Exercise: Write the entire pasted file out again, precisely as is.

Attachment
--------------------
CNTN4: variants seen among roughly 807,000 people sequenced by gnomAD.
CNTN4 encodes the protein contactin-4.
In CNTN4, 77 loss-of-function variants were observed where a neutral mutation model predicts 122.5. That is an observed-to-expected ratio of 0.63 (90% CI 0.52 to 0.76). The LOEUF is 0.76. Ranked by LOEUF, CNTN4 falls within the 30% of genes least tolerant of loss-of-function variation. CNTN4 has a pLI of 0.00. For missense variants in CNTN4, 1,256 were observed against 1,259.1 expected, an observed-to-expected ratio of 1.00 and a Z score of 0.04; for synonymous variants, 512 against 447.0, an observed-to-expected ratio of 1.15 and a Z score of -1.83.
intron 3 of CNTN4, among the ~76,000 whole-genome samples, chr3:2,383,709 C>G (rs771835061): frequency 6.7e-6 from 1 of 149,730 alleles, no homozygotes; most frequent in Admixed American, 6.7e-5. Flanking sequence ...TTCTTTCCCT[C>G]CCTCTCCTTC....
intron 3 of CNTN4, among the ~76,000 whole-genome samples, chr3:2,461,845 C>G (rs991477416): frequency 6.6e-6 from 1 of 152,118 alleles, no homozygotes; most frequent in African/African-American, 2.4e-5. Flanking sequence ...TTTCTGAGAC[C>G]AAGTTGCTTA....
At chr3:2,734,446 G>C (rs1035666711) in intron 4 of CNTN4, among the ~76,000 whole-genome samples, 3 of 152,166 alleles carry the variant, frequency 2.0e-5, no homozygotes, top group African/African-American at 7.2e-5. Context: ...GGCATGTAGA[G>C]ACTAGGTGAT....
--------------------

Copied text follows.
CNTN4: variants seen among roughly 807,000 people sequenced by gnomAD.
CNTN4 encodes the protein contactin-4.
In CNTN4, 77 loss-of-function variants were observed where a neutral mutation model predicts 122.5. That is an observed-to-expected ratio of 0.63 (90% CI 0.52 to 0.76). The LOEUF is 0.76. Ranked by LOEUF, CNTN4 falls within the 30% of genes least tolerant of loss-of-function variation. CNTN4 has a pLI of 0.00. For missense variants in CNTN4, 1,256 were observed against 1,259.1 expected, an observed-to-expected ratio of 1.00 and a Z score of 0.04; for synonymous variants, 512 against 447.0, an observed-to-expected ratio of 1.15 and a Z score of -1.83.
intron 3 of CNTN4, among the ~76,000 whole-genome samples, chr3:2,383,709 C>G (rs771835061): frequency 6.7e-6 from 1 of 149,730 alleles, no homozygotes; most frequent in Admixed American, 6.7e-5. Flanking sequence ...TTCTTTCCCT[C>G]CCTCTCCTTC....
intron 3 of CNTN4, among the ~76,000 whole-genome samples, chr3:2,461,845 C>G (rs991477416): frequency 6.6e-6 from 1 of 152,118 alleles, no homozygotes; most frequent in African/African-American, 2.4e-5. Flanking sequence ...TTTCTGAGAC[C>G]AAGTTGCTTA....
At chr3:2,734,446 G>C (rs1035666711) in intron 4 of CNTN4, among the ~76,000 whole-genome samples, 3 of 152,166 alleles carry the variant, frequency 2.0e-5, no homozygotes, top group African/African-American at 7.2e-5. Context: ...GGCATGTAGA[G>C]ACTAGGTGAT....